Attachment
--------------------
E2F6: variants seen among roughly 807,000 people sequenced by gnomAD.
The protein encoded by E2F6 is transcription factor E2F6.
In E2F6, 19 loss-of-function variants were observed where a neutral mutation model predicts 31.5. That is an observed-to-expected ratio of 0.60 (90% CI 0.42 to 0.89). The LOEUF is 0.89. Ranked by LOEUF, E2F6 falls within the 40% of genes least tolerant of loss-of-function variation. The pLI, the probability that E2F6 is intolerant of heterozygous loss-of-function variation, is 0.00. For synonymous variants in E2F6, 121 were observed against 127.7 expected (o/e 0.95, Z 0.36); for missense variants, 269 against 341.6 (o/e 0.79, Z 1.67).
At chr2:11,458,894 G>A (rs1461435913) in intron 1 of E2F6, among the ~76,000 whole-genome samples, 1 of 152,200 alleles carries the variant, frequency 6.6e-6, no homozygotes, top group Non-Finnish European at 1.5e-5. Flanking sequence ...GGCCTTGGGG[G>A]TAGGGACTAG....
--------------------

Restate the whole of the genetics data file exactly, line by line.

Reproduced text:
E2F6: variants seen among roughly 807,000 people sequenced by gnomAD.
The protein encoded by E2F6 is transcription factor E2F6.
In E2F6, 19 loss-of-function variants were observed where a neutral mutation model predicts 31.5. That is an observed-to-expected ratio of 0.60 (90% CI 0.42 to 0.89). The LOEUF is 0.89. Ranked by LOEUF, E2F6 falls within the 40% of genes least tolerant of loss-of-function variation. The pLI, the probability that E2F6 is intolerant of heterozygous loss-of-function variation, is 0.00. For synonymous variants in E2F6, 121 were observed against 127.7 expected (o/e 0.95, Z 0.36); for missense variants, 269 against 341.6 (o/e 0.79, Z 1.67).
At chr2:11,458,894 G>A (rs1461435913) in intron 1 of E2F6, among the ~76,000 whole-genome samples, 1 of 152,200 alleles carries the variant, frequency 6.6e-6, no homozygotes, top group Non-Finnish European at 1.5e-5. Flanking sequence ...GGCCTTGGGG[G>A]TAGGGACTAG....